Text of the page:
Dutch National Ombudsman Reinier van Zutphen has decided to cancel his working visit to Bonaire, St. Eustatius and Saba planned for November, for financial reasons, writes The Daily Herald.
He sent a protest letter to Dutch Minister of Home Affairs and Kingdom Relations Ronald Plasterk on Tuesday.
The 2015 and 2016 contributions of 250,000 euros that were promised by the Minister earlier this month are insufficient for the Ombudsman to carry out all tasks in the Caribbean Netherlands. “We have a task, but the finances are lacking,” he stated in a press release.
Van Zutphen has cancelled his working visit in order to remain within his budget. As a result of the cancellation, citizens in the Caribbean Netherlands will not be able to address their complaints about their government in a face-to-face consultation with the Ombudsman. His next working visit, scheduled for March 2016, will proceed.
“I value these visits because they make the Ombudsman accessible for people in the Caribbean Netherlands who can’t find me via the digital channels,” stated Van Zutphen in his letter to Plasterk.
He feared that the number of people taking their complaints to the Ombudsman would decrease if the organisation was less accessible. “And, that is what I especially find important: a visible organisation where citizens can easily go to when they have a problem with government.” The Ombudsman will remain available via email, telephone and postal mail.
Van Zutphen called the Minister’s promise of 250,000 euros for this and next year a “nice first step,” but added that it was “insufficient and again not structural.” He explained in the letter that he needed continuity of financing to structurally expand the work of the Ombudsman on the islands.
The Ombudsman estimated that he needed 350,000 to 400,000 euros on an annual basis in order for the organisation to properly carry out its work, which includes talks with government representatives and, where necessary, workshops. According to Van Zutphen, a former Judge at the Dutch Caribbean Joint Court of Justice, the time was right to introduce an individual way of handling complaints whereby a solution is sought per individual case. He stated that his organisation also wanted to carry out more analyses and to have more regular consultations with the local government.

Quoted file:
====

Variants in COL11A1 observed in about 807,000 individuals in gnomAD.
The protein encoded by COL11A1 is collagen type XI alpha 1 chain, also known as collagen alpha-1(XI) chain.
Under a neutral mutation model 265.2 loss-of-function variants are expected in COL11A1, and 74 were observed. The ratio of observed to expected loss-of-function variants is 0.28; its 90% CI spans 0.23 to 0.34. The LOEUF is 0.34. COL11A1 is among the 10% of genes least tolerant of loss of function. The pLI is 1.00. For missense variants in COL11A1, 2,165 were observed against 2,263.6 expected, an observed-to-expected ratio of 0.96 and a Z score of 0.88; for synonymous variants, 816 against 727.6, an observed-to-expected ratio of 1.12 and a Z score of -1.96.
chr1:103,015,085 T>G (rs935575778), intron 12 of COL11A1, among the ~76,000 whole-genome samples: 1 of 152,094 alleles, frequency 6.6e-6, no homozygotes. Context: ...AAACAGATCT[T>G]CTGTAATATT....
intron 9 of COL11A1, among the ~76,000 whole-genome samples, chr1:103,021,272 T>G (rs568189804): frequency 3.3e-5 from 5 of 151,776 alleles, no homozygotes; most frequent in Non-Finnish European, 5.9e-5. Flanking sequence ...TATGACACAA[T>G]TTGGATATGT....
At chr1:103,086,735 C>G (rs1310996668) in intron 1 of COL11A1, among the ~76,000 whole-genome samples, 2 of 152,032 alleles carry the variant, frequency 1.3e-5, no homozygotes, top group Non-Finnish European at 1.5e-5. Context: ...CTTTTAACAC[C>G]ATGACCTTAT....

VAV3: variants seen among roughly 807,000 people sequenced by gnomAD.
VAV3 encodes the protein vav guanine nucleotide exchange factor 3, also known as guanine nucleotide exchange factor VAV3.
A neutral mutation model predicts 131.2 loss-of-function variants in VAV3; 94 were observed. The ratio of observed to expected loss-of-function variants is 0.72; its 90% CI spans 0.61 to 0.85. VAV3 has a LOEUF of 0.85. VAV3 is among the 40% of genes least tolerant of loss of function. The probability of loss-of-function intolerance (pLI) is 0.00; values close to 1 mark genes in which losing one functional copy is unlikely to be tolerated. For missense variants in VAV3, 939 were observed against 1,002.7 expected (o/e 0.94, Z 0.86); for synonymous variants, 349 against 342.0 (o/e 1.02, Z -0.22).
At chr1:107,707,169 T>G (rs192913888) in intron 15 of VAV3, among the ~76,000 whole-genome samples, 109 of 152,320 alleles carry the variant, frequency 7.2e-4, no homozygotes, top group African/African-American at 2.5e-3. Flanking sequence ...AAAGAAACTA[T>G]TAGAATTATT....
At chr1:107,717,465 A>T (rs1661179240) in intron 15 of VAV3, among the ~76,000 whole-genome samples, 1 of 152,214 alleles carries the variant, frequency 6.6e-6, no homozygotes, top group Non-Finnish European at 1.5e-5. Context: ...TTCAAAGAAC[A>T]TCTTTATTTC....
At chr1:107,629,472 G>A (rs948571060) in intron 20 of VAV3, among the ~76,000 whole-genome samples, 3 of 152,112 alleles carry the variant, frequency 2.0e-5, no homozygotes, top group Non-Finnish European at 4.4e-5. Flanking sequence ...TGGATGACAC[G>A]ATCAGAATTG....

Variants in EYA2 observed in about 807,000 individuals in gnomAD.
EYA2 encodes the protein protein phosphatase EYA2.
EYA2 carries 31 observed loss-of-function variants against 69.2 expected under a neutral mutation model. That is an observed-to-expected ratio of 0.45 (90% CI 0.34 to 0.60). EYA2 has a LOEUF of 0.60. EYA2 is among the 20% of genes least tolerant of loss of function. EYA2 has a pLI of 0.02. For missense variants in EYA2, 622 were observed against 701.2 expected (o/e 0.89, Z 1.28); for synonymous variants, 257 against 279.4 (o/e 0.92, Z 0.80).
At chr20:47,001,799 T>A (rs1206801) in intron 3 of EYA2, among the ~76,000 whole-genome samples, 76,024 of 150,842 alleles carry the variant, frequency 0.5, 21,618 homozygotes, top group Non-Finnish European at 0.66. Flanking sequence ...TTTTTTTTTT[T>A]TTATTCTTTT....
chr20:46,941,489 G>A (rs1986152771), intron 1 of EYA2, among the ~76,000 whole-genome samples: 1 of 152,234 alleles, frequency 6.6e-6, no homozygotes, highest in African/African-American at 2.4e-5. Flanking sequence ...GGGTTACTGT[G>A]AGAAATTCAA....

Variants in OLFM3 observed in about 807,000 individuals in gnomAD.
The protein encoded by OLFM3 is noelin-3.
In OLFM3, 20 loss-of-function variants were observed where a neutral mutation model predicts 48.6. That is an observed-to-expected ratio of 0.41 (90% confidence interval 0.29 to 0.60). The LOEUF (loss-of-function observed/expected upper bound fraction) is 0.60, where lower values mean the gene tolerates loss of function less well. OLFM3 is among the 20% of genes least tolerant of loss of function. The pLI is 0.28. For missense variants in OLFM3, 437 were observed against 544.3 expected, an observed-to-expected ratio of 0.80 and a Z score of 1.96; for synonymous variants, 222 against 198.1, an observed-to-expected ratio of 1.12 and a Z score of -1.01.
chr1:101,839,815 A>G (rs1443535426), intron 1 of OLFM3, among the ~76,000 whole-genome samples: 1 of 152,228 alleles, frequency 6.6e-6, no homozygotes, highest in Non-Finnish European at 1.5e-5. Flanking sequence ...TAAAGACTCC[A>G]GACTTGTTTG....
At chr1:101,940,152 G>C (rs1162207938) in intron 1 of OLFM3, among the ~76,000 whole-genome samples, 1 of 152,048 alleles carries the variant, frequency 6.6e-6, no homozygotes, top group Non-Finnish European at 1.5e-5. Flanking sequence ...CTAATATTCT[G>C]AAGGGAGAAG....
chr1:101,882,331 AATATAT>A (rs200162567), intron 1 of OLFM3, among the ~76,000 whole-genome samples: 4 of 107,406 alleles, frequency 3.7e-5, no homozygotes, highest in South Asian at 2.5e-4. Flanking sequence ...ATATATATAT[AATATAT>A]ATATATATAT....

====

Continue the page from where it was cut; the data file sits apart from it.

“My contribution to good governance will further increase by opting for a good mix of interventions. This requires a long-term strategy,” he stated. The number of complaints in the Caribbean Netherlands has been increasing steadily. People are getting more familiar with the Ombudsman and the confidence in the independent position has been growing.
During the first four years after Bonaire, St. Eustatius and Saba became Dutch public entities, the Ombudsman worked with a refund system whereby the Ministry of Home Affairs and Kingdom Relations BZK would repay based on an after calculation. Since December 2014, there has been uncertainty about the financing of 2015 and afterwards.
In July 2015, Plasterk informed the Ombudsman that funding had ceased; a decision which was reversed a few months later. Van Zutphen told the Minister that talks about the financing would have to take place in 2016 because the current way of doing things was not conducive for a structural build-up of the Ombudsman’s work on the islands.